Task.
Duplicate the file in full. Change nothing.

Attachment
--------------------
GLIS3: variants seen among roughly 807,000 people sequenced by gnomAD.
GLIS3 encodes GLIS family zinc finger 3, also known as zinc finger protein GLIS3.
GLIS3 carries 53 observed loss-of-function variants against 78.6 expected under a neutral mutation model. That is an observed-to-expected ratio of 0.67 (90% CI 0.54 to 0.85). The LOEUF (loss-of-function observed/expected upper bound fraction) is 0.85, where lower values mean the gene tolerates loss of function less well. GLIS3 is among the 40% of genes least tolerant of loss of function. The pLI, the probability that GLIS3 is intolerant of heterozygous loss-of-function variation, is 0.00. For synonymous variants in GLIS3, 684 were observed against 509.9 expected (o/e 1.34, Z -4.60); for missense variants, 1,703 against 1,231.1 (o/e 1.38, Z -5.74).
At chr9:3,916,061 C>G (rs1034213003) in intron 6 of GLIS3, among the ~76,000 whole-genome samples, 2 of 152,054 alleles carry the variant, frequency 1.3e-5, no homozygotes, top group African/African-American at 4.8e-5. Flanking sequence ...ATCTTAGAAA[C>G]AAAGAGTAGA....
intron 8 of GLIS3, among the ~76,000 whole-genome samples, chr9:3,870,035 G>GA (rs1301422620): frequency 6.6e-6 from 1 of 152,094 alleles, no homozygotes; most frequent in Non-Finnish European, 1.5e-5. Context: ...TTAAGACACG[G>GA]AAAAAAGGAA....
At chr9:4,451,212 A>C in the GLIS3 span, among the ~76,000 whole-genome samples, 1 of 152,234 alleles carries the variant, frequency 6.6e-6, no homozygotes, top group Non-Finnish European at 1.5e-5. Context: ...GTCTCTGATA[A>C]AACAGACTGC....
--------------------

GLIS3: variants seen among roughly 807,000 people sequenced by gnomAD.
GLIS3 encodes GLIS family zinc finger 3, also known as zinc finger protein GLIS3.
GLIS3 carries 53 observed loss-of-function variants against 78.6 expected under a neutral mutation model. That is an observed-to-expected ratio of 0.67 (90% CI 0.54 to 0.85). The LOEUF (loss-of-function observed/expected upper bound fraction) is 0.85, where lower values mean the gene tolerates loss of function less well. GLIS3 is among the 40% of genes least tolerant of loss of function. The pLI, the probability that GLIS3 is intolerant of heterozygous loss-of-function variation, is 0.00. For synonymous variants in GLIS3, 684 were observed against 509.9 expected (o/e 1.34, Z -4.60); for missense variants, 1,703 against 1,231.1 (o/e 1.38, Z -5.74).
At chr9:3,916,061 C>G (rs1034213003) in intron 6 of GLIS3, among the ~76,000 whole-genome samples, 2 of 152,054 alleles carry the variant, frequency 1.3e-5, no homozygotes, top group African/African-American at 4.8e-5. Flanking sequence ...ATCTTAGAAA[C>G]AAAGAGTAGA....
intron 8 of GLIS3, among the ~76,000 whole-genome samples, chr9:3,870,035 G>GA (rs1301422620): frequency 6.6e-6 from 1 of 152,094 alleles, no homozygotes; most frequent in Non-Finnish European, 1.5e-5. Context: ...TTAAGACACG[G>GA]AAAAAAGGAA....
At chr9:4,451,212 A>C in the GLIS3 span, among the ~76,000 whole-genome samples, 1 of 152,234 alleles carries the variant, frequency 6.6e-6, no homozygotes, top group Non-Finnish European at 1.5e-5. Context: ...GTCTCTGATA[A>C]AACAGACTGC....